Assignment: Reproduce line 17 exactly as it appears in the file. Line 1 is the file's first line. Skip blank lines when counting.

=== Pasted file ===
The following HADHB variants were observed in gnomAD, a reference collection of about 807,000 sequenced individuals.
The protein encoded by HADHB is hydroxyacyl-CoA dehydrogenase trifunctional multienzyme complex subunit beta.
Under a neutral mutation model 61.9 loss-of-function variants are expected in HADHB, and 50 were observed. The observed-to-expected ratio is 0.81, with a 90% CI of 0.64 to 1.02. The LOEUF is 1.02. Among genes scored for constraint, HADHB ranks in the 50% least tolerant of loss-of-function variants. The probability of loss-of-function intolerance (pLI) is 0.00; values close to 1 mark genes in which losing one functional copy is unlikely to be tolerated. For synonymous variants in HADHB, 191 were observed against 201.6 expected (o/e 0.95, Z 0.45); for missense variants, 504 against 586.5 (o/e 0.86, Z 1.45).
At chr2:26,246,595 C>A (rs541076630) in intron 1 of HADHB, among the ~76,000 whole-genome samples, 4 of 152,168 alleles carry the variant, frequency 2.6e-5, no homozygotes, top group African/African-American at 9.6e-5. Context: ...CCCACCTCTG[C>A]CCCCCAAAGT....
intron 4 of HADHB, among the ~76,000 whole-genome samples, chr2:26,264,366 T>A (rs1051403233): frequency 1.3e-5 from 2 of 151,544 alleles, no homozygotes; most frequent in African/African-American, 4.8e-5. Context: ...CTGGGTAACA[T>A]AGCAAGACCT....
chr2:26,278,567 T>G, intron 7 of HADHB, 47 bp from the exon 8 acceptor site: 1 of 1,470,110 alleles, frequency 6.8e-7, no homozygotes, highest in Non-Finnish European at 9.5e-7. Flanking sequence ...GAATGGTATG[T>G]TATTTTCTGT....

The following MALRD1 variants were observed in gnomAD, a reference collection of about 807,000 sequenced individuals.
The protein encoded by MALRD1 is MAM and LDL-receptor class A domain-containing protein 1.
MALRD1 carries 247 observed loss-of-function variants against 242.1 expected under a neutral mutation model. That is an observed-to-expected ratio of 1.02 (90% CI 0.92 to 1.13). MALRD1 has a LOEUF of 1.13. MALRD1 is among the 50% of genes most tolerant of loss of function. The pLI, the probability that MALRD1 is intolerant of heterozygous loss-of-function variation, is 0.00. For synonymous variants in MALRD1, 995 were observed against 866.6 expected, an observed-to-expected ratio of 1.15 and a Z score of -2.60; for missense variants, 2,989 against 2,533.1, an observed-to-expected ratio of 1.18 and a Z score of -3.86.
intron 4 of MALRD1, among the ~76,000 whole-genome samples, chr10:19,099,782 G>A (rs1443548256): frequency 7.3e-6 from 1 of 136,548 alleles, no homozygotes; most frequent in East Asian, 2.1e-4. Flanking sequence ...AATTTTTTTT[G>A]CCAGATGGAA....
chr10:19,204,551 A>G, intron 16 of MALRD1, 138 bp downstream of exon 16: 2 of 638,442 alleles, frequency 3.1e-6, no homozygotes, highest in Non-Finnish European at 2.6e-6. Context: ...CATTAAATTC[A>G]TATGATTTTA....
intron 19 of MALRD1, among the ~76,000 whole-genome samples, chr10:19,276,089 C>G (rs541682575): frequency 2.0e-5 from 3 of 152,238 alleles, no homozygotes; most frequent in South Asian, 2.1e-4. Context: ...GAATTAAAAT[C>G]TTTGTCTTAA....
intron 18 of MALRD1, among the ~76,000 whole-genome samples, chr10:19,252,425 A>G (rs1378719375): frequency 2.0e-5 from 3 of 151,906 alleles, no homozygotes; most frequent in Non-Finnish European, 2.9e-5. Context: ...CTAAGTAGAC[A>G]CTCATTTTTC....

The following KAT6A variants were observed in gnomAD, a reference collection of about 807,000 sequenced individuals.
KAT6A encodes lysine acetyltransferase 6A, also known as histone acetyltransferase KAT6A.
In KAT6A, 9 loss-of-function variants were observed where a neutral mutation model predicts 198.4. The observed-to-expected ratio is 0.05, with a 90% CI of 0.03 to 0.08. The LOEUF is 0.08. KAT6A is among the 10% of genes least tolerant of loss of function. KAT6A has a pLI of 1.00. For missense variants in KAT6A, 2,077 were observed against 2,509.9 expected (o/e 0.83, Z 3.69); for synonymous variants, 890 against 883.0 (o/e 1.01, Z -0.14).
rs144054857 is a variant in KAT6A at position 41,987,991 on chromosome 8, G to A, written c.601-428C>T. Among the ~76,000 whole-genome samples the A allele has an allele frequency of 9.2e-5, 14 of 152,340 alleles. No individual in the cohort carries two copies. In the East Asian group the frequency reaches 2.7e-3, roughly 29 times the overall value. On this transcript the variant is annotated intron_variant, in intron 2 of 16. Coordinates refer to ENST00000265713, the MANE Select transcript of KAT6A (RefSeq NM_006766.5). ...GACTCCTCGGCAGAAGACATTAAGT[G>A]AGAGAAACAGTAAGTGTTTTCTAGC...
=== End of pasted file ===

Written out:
rs144054857 is a variant in KAT6A at position 41,987,991 on chromosome 8, G to A, written c.601-428C>T. Among the ~76,000 whole-genome samples the A allele has an allele frequency of 9.2e-5, 14 of 152,340 alleles. No individual in the cohort carries two copies. In the East Asian group the frequency reaches 2.7e-3, roughly 29 times the overall value. On this transcript the variant is annotated intron_variant, in intron 2 of 16. Coordinates refer to ENST00000265713, the MANE Select transcript of KAT6A (RefSeq NM_006766.5). ...GACTCCTCGGCAGAAGACATTAAGT[G>A]AGAGAAACAGTAAGTGTTTTCTAGC...